After Mt. Fuji, we went to one of the five lakes that surround the mountain, and to this famous spot where a cold water spring gushes from the ground. I don't know what it's called, but I'll have pictures of it all sometime when I get my film developed. (I should start doing everything in B&W so I can do it myself. Or get the digital body for my SLR...)

The next day we went to the river and had a Japanese style BBQ. Rather than grill just hamburgers and bring things like salads like we do in the States, in Japan they grill really thin slices of really good cuts of beef, pork and chicken, along with peppers, onions, squash and other veggies. You can eat is straight off the grill with your chopsticks, or dip it in sauce. So we just sat around and grazed for 3 hours and played in the river until it was time to go.

Right now, since I am on my vacation, Ai and I are planning on taking a trip somewhere up north or to the mountains. We're not really sure where yet, since she's still a poor student, and I'm only on my first pay cheque still, it's going to be cheap. Camping or something would be fun, but we don't know anyone that has tents or sleeping bags or anything, so maybe a ski resort. They usually have cheap deals for the summer when they want business.

Friday, July 16, 2004


Here my first attempt at using Blogspots mobile blogging tools. Unfortunatly, I wont know if theres anything wrong with it or be able to fix it until I get home.

I'm on the train right now to meet someone in the last car of the east bound train on the Chuo Line departing Hachioji Station at 9:18am. It's one of the members of my AUAP group from 4 years ago that I haven't seen in over 2 years. We are going to her family's house in Yamanashi (山梨 not 山無).

But the title of this post is "Trains". I live about a 30 second run from one of the many private commuter lines that radiate from Tokyo, so I don't really ride Japan Rail lines much anymore, so I forget about the warning signs of a part of the train that no one wants to ride. As I stood waiting for the train, I noticee that the markings for the doors on the platform were really close together. But I forgot that this means the car from hell. A lot of the JR lines that have newer train sets have one of these cars with 6 doors per side, leaving room only for small seats that are locked folded up during most times of the day. Instead, there are just lots of handels an poles down the center of the train. They are not bad on the croded Yamanote line in Tokyo, but on this rural line I have been riding on for the last hour, its not so good.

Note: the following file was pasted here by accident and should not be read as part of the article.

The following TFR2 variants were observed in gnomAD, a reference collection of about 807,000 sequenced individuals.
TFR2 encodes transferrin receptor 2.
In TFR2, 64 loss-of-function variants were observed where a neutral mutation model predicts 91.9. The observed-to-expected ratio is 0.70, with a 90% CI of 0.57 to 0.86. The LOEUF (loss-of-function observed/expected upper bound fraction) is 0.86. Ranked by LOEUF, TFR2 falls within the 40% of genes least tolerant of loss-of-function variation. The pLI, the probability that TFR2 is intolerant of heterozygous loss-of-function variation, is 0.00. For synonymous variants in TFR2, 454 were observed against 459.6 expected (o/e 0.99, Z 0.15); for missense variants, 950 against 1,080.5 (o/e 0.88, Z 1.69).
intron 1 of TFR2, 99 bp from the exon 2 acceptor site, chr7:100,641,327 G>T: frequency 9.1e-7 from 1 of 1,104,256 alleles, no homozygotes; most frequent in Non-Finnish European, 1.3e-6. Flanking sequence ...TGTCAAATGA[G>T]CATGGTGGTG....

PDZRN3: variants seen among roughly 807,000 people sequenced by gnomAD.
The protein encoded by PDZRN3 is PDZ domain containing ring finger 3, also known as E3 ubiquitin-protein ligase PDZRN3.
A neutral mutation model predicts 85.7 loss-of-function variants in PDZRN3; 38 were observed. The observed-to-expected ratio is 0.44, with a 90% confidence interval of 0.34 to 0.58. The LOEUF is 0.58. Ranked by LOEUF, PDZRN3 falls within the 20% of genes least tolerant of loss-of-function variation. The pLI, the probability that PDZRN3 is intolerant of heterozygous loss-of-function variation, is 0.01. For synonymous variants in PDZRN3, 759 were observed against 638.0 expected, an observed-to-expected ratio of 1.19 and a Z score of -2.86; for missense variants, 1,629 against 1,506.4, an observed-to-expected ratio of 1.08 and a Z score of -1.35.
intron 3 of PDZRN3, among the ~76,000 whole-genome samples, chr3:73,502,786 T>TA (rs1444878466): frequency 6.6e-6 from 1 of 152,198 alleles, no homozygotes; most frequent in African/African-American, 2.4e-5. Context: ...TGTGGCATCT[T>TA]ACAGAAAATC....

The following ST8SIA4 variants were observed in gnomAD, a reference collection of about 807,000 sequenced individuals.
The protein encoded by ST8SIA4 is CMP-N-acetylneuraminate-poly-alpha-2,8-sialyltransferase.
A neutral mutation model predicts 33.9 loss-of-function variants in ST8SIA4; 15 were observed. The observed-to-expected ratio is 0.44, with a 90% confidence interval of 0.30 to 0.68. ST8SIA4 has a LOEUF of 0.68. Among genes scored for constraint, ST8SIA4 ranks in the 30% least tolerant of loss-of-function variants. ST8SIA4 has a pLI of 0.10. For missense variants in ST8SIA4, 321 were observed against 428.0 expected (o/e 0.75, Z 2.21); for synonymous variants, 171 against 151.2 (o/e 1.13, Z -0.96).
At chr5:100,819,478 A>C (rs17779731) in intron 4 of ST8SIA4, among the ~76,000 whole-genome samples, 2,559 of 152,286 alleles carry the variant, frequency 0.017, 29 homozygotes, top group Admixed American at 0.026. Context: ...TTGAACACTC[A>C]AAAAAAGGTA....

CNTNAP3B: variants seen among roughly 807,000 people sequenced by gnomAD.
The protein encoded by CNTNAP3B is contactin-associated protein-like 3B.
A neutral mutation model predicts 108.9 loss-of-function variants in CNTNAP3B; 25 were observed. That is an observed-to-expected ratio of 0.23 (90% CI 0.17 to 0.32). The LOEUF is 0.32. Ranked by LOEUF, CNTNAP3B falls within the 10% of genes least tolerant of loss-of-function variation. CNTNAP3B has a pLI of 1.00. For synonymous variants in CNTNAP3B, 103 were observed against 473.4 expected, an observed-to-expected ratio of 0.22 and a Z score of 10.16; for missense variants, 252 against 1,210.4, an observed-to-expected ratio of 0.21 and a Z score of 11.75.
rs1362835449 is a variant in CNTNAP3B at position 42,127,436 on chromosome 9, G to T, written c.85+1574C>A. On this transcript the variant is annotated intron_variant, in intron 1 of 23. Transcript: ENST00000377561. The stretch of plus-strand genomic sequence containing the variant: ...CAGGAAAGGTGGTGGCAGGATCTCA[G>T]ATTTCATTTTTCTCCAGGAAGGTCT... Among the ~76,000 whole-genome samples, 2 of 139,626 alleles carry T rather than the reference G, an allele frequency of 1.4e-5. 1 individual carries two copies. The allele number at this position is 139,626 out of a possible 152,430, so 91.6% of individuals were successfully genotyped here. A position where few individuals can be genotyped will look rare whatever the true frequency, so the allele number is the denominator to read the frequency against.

So heres the result of about an hour of typing on a cell phone. Not very fast, and I have forgotten what I wrote at the beginning...

Thursday, July 15, 2004

Lightning! Thunder! Oh My!

There's a great thunder storm going on right now. It's pretty close, and really loud, and there have been at least 30 stikes already. There is so much, that I can't even tell which thunder comes from which lightening. My electricity even went out for a few seconds! Everything in my room goes badum with really close ones. Cool having a laptop eh?

Speaking of my room, do you want to see it?

Here's the right side of my apartment. To the left is my hallway and kitchen, and left of that, which you can't see, is my closet.

Here's the picture from the hallway. On the left is my water-heater. In front is my balcony, and folded up in the corner is my futon.

And here's my bathroom. It's all a separate plastic box with a drain in the floor, when when I need to clean it, I just hose everything down.

Monday, July 05, 2004


I finally got two rolls of film developed. Total cost: About $40 US for one set of small prints, and one CD with scans of all the images. There's got to be a cheaper place...

Anyhoo, I'm working on getting a gallery set up. In the mean time, here's a sneak peak.

Sunday, July 04, 2004


The semi are coming out. Semi are Japanese Cicadas that come out every summer. In Japan, semi are symonomous with the hot, humid days that you just want to sit around and do nothing. So semi are the reason I haven't been updating my blog much. And because I finally got paid, so I'm not sitting around in my room doing nothing. So right now are the 'meeeeeeeeeeee' semi. There aren't so many of them yet, but I think they will start to get louder. Later this summer will be my favorate, the 'mueeemmm eeeemmmm eeeemmmm eeeemmmeee muwaaaaa' semi. They are really loud. Last time I was in Kyoto during the summer, I had to yell to be heard over the semi crowding the trees.

Here's a good page that has recordings of the various semi sounds.